Back in July 2013, I brewed a saison heavily hopped with American varietals, and split them into three separate secondary vessels inoculated individually with Brettanomyces Lambicus, Brettanomyces Bruxellensis, and a mixed culture of ‘bugs’ cultured from a bottle of Crooked Stave Surette. These cultures were added to the main beer after a short initial fermentation using Wyeast 3724 which (as expected) dropped early and left a lot of residual sugar (1.025) for the secondary cultures to work on. The beers were allowed to age with the mixed cultures for 5-months before being bottled for consumption.

Reviewing the Brett Saisons.

The goal of this experiment was to evaluate the impact that different secondary cultures can have on a base beer. It was amazing to taste how the different secondary cultures caused dramatically different transformations of the base beer. As expected, the two Brett strains were the most similar, with the Crooked Stave culture being clearly cut from a different cloth. Terminal gravities between the three samples were also slightly different:

Brett Lambicus: 1.004 (92.7% Apparent Attenuation)
Brett Brux: 1.002 (96.3% Apparent Attenuation)
Crooked Stave Culture: 1.006 (89% Apparent Attenuation)

Flavor and Aroma Notes:

Brettanomyces Lambicus (White Labs WLP653)
Overall, this beer has the mellowest level of Brett funk and fruity esters. The Brett character is medium in intensity and reminiscent of horse, hay, and earth. A touch of band-aid like phenol is present, but not overly offensive. There is a nice bready pilsner malt character that shines through the funk.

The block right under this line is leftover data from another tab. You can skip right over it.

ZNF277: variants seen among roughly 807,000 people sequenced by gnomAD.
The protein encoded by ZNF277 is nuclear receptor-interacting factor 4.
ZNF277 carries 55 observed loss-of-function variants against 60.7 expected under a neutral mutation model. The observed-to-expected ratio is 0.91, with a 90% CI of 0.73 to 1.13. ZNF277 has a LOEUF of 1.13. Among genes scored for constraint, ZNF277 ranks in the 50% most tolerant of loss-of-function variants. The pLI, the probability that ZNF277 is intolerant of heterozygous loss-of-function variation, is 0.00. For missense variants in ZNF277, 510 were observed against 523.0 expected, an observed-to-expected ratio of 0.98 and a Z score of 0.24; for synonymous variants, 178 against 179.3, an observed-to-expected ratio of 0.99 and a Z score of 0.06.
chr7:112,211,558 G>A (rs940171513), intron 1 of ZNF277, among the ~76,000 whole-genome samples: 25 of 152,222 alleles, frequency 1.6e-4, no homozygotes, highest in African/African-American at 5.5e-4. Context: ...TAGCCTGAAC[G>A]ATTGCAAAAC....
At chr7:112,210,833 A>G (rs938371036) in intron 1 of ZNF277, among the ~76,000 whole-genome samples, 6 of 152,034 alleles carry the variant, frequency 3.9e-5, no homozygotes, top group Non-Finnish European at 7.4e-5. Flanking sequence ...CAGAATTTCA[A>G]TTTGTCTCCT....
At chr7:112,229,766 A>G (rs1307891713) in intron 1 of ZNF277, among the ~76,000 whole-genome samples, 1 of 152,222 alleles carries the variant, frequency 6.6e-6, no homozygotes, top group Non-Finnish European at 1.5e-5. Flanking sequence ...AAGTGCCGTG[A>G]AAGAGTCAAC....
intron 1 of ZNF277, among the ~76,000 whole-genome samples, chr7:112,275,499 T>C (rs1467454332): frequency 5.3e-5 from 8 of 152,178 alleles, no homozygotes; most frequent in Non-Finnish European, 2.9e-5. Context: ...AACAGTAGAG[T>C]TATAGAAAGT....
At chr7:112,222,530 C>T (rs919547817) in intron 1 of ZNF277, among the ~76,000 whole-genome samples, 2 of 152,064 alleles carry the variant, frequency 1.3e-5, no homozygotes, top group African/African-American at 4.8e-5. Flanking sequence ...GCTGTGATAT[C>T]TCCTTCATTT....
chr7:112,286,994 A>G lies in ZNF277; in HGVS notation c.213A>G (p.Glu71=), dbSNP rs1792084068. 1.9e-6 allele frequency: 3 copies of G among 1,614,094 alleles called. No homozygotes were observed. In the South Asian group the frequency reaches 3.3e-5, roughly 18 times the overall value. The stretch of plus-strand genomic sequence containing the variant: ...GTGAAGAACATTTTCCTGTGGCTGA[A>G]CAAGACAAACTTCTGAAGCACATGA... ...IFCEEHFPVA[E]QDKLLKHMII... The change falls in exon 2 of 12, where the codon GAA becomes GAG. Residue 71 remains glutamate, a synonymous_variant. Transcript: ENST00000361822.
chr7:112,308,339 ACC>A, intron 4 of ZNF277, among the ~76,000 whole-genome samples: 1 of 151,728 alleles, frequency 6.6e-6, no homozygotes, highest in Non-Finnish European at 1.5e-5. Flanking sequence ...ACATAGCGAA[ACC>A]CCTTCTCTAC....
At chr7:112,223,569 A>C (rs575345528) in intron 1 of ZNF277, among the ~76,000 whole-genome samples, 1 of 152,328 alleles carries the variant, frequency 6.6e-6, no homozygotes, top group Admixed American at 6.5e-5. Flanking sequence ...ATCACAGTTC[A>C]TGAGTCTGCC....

Brettanomyces Bruxellensis (White Labs WLP650)
This beer had by far the most pronounced Brett character. There is a moderately-high level of horsey / musty funk. The ester profile is really nice with slight hints of ripe pineapple and other fruit. There is a low level of band-aid phenol that is slightly higher than what was found in the Brett Lambicus sample. Again, there is a nice round bready malt character in both the Brett beers that somehow manages to shine through despite the high levels of attenuation.

Crooked Stave Surette Culture
By far the fruitiest sample. There is a round fruity ester reminiscent of tart pie cherries. This beer developed a nice level of bright lactic acidity. Not quite puckering, but pleasantly tart which helps reinforce the fruit notes. There is a light banana ester present which is a bit out of place. I am quite surprised with this beer’s lactic character given the high level of hopping and lacto’s typical intolerance to hop compounds. This makes me hypothesize that the strain of lacto Crooked Stave is using is more tolerant to high hopping than other commercially available strains. Funky Brett notes are present, but subdued. The nice malt character found in the previous two beers is well hidden beneath the big fruit character of this beer.